– Stocks: The S&P 500 was little changed at 2,173.61 at 9:32 a.m. in New York, two points from an all-time high. The benchmark index has climbed for five straight months, the longest since 2014. S&P 500 companies posting results this week include Pfizer Inc., Procter & Gamble Co., Time Warner Inc. and Priceline Group Inc. About 58 percent of index members that have reported so far beat sales projections, while 81 percent topped profit estimates. Analysts estimate profit at S&P 500 companies fell 3.2 percent in the second quarter. The Stoxx Europe 600 Index fell 0.5 percent. European equities had their biggest monthly advance since October, with lenders jumping the most in more than a year.
-Currencies: Sterling fell 0.2 percent to $1.3204 as a report showed U.K. manufacturing shrank more than initially forecast in July. The pound has fallen more than 11 percent against the dollar since Britain voted on June 23 to leave the European Union and posted its third consecutive monthly drop against the greenback last month. Hedge funds and other large speculators are the most bearish on the pound in almost 25 years amid speculation the Bank of England will cut interest rates for the first time in more than seven years this week. The yen retreated 0.3 percent to 102.33 per dollar after soaring 4 percent last week. BOJ Governor Haruhiko Kuroda’s decision to aim low at last week’s meeting raises the stakes for Prime Minister Shinzo Abe to deliver on a pledge for “bold” fiscal stimulus on Tuesday, when the government is due to announce details of a more than 28 trillion yen spending package.
-Bonds: The 10-year Treasury note yield climbed four basis points to 1.50 percent, Bloomberg Bond Trader data show. “The movement in investor expectations towards a flatter path for U.S. short-term interest rates seems broadly appropriate,” Dudley said in remarks prepared for a speech Monday at a conference in Bali. However, “it is premature to rule out further monetary policy tightening this year,” he said. The yield on Japan’s 10-year bonds climbed five basis points to minus 0.145 percent, after jumping eight basis points at the end of last week.
-Commodities: Most metals advanced, with nickel rising 1.2 percent and zinc climbing 1.7 percent on the London Metal Exchange after China’s official factory gauge unexpectedly fell below the dividing line between improvement and deterioration, leaving room for stimulus. China is considering a sweeping overhaul of its steel industry that would consolidate major steel producers into two giants, with one located in the north and the other in the south, according to people familiar with the plan. Iron ore futures on the Dalian Commodity Exchange climbed to a three-month high after gaining 7.6 percent last week.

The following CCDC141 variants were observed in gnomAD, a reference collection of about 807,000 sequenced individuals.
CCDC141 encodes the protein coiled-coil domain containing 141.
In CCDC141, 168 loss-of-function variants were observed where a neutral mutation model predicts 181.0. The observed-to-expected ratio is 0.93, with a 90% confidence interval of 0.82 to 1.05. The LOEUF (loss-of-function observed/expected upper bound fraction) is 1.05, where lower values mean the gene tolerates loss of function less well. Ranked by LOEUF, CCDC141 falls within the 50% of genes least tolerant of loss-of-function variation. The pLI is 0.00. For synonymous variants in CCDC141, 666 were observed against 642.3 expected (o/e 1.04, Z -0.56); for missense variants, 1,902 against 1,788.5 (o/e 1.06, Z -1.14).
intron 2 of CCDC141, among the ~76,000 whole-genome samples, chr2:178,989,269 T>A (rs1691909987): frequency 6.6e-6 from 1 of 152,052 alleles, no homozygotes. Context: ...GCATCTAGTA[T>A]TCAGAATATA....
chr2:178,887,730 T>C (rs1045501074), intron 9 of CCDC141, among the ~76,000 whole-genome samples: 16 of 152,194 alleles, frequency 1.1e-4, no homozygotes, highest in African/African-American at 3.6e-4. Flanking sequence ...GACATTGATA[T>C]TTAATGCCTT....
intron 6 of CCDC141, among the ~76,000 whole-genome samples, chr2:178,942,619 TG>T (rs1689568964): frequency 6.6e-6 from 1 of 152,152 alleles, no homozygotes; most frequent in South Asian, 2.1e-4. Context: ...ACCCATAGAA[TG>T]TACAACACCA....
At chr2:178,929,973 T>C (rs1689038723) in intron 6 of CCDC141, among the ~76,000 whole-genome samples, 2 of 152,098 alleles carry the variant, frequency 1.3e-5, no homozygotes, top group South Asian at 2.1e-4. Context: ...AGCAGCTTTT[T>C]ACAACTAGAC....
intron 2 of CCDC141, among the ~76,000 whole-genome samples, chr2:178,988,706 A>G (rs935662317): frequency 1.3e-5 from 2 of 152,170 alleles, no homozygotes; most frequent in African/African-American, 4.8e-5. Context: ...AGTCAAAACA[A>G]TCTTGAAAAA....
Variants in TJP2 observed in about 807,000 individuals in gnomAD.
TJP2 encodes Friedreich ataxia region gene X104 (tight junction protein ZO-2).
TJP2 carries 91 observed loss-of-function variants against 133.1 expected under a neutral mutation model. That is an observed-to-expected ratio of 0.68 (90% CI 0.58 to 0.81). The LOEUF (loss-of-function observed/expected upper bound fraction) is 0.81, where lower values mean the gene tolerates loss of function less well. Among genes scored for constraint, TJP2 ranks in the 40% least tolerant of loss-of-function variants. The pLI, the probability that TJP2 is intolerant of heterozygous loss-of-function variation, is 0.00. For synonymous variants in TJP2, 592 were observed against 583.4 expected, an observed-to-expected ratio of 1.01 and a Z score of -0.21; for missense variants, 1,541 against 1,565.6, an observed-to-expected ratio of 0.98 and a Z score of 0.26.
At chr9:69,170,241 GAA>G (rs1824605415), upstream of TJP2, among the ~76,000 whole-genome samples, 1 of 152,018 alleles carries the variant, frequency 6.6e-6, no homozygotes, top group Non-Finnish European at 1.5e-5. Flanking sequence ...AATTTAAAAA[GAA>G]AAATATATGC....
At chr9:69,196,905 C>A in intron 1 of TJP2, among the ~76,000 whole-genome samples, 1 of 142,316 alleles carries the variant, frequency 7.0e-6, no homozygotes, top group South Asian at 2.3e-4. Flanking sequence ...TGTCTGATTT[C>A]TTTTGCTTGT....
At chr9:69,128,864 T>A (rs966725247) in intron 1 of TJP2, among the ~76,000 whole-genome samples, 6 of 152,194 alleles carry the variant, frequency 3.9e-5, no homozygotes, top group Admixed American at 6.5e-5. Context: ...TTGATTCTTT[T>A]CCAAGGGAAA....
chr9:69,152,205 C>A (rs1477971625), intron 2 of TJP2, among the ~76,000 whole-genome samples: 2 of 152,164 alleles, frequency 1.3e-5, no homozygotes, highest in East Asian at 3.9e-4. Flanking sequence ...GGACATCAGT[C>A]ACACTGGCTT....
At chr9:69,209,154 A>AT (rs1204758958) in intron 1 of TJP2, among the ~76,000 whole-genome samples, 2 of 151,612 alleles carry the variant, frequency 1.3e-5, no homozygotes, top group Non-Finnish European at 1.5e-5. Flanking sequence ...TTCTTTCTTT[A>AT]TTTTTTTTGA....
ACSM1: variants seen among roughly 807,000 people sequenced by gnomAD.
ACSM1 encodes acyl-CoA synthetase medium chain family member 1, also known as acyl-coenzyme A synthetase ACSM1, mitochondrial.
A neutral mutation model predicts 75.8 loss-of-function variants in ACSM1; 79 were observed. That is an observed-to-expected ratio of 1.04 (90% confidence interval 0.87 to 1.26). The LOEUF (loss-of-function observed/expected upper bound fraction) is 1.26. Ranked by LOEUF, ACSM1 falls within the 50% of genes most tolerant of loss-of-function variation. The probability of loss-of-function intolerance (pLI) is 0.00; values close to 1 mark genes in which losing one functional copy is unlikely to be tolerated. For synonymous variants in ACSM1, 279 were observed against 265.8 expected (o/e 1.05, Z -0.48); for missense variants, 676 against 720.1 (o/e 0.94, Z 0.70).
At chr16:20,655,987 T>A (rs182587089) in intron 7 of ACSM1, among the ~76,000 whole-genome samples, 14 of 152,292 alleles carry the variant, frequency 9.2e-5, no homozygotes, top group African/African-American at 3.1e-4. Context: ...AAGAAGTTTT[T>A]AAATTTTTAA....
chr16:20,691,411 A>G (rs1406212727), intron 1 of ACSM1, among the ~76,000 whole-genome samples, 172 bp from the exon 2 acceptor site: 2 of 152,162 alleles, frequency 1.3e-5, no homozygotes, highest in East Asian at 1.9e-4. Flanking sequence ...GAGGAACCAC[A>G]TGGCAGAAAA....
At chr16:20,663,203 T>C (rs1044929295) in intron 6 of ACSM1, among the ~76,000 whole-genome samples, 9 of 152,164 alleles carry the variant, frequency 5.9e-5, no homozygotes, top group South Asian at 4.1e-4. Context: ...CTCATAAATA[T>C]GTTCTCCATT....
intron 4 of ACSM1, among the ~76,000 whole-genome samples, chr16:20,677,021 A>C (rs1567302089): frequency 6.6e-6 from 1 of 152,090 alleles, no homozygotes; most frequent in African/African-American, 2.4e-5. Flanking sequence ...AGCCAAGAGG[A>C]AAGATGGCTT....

-Mixed markets: U.S. investors are in a good mood at the start of the month. U.S. stock futures are pointing up. European markets are getting dragged down, however, by losses in the banking sector. «Stress tests» of the top 51 European banks published late Friday showed that they were generally in better condition than expected and could weather another sharp economic downturn. But investors were unhappy with the results for Spanish banks, and they hit the sell button. Meanwhile, a struggling Italian bank that essentially failed the test announced a rescue plan, saying it was raising 5 billion euros ($5.6 billion) and splitting off its bad loans into a separate entity. Shares in that bank are now up 3%. Asian markets ended the day with mixed results.
-Uber retreats in China: Uber is selling its China business to rival Didi Chuxing in exchange for a stake in the ride-hailing company. Uber has expanded rapidly in China but has racked up big losses in the face of intense competition from Didi, which is backed by Apple (AAPL, Tech30), Alibaba (BABA, Tech30) and Tencent (TCEHY). Baidu (BIDU, Tech30) has invested in Uber China.
– Tesla & SolarCity: Shares in SolarCity (SCTY) are rising premarket based on expectations that it will announce an agreement to merge with Tesla (TSLA). Tesla offered to acquire SolarCity for nearly $3 billion in June in a bid to create one sustainable energy company. Tesla CEO Elon Musk owns 22.5% of SolarCity and acts as its chairman. Musk is also a cousin of the two SolarCity co-founders.
-Earnings and economics: Theater chain AMC Entertainment (AMC) is among the key companies reporting quarterly results on Monday morning ahead of the open. Carmike Cinemas (CKEC) will report after the close. Carmike is being bought out by AMC to create the biggest movie theater chain in the world. The deal was originally announced in March.On the economic side, the Institute for Supply Management will be reporting on the health of the U.S. manufacturing industry at 10 a.m. ET.
-Weekly market recap: It was a good week for the Nasdaq but a bad week for the Dow. The Dow Jones industrial average dipped every single day last week and closed with a 0.8% loss. The Nasdaq rose for four consecutive trading days and finished the week 1.2% higher. The S&P 500 had a mixed week and closed with a 0.1%